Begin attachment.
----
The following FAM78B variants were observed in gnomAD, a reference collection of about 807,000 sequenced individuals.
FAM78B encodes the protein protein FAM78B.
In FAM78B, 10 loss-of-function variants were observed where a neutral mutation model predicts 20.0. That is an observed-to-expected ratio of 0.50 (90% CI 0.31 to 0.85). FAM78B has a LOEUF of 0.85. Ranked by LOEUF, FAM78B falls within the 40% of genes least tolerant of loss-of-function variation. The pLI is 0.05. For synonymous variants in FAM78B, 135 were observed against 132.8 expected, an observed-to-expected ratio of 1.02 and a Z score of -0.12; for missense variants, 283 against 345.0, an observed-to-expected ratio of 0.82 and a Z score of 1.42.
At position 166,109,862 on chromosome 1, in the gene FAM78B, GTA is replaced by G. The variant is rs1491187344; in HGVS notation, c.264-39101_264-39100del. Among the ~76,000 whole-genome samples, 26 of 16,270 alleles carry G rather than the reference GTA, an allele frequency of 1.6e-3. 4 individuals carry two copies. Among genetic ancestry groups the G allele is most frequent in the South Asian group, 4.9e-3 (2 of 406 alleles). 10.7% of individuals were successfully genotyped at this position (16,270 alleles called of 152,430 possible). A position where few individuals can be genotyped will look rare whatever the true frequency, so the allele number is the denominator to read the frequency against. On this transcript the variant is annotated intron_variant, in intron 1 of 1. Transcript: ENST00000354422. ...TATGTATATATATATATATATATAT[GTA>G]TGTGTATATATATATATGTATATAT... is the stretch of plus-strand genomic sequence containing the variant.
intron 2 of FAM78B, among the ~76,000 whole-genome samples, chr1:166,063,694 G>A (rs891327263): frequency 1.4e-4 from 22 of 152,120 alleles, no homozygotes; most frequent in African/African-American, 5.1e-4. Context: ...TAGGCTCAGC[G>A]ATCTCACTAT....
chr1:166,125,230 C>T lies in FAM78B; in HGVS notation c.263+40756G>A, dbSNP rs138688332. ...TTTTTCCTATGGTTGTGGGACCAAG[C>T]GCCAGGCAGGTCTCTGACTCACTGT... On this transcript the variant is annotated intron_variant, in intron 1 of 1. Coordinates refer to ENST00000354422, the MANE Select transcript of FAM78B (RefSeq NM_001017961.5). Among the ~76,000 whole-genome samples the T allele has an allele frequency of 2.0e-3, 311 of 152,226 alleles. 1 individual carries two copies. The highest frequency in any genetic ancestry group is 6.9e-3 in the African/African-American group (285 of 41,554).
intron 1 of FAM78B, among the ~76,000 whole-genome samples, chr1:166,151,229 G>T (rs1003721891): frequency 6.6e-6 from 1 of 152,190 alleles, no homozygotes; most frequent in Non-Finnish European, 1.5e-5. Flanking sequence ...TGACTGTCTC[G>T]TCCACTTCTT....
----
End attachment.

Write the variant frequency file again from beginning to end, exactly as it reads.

The following FAM78B variants were observed in gnomAD, a reference collection of about 807,000 sequenced individuals.
FAM78B encodes the protein protein FAM78B.
In FAM78B, 10 loss-of-function variants were observed where a neutral mutation model predicts 20.0. That is an observed-to-expected ratio of 0.50 (90% CI 0.31 to 0.85). FAM78B has a LOEUF of 0.85. Ranked by LOEUF, FAM78B falls within the 40% of genes least tolerant of loss-of-function variation. The pLI is 0.05. For synonymous variants in FAM78B, 135 were observed against 132.8 expected, an observed-to-expected ratio of 1.02 and a Z score of -0.12; for missense variants, 283 against 345.0, an observed-to-expected ratio of 0.82 and a Z score of 1.42.
At position 166,109,862 on chromosome 1, in the gene FAM78B, GTA is replaced by G. The variant is rs1491187344; in HGVS notation, c.264-39101_264-39100del. Among the ~76,000 whole-genome samples, 26 of 16,270 alleles carry G rather than the reference GTA, an allele frequency of 1.6e-3. 4 individuals carry two copies. Among genetic ancestry groups the G allele is most frequent in the South Asian group, 4.9e-3 (2 of 406 alleles). 10.7% of individuals were successfully genotyped at this position (16,270 alleles called of 152,430 possible). A position where few individuals can be genotyped will look rare whatever the true frequency, so the allele number is the denominator to read the frequency against. On this transcript the variant is annotated intron_variant, in intron 1 of 1. Transcript: ENST00000354422. ...TATGTATATATATATATATATATAT[GTA>G]TGTGTATATATATATATGTATATAT... is the stretch of plus-strand genomic sequence containing the variant.
intron 2 of FAM78B, among the ~76,000 whole-genome samples, chr1:166,063,694 G>A (rs891327263): frequency 1.4e-4 from 22 of 152,120 alleles, no homozygotes; most frequent in African/African-American, 5.1e-4. Context: ...TAGGCTCAGC[G>A]ATCTCACTAT....
chr1:166,125,230 C>T lies in FAM78B; in HGVS notation c.263+40756G>A, dbSNP rs138688332. ...TTTTTCCTATGGTTGTGGGACCAAG[C>T]GCCAGGCAGGTCTCTGACTCACTGT... On this transcript the variant is annotated intron_variant, in intron 1 of 1. Coordinates refer to ENST00000354422, the MANE Select transcript of FAM78B (RefSeq NM_001017961.5). Among the ~76,000 whole-genome samples the T allele has an allele frequency of 2.0e-3, 311 of 152,226 alleles. 1 individual carries two copies. The highest frequency in any genetic ancestry group is 6.9e-3 in the African/African-American group (285 of 41,554).
intron 1 of FAM78B, among the ~76,000 whole-genome samples, chr1:166,151,229 G>T (rs1003721891): frequency 6.6e-6 from 1 of 152,190 alleles, no homozygotes; most frequent in Non-Finnish European, 1.5e-5. Flanking sequence ...TGACTGTCTC[G>T]TCCACTTCTT....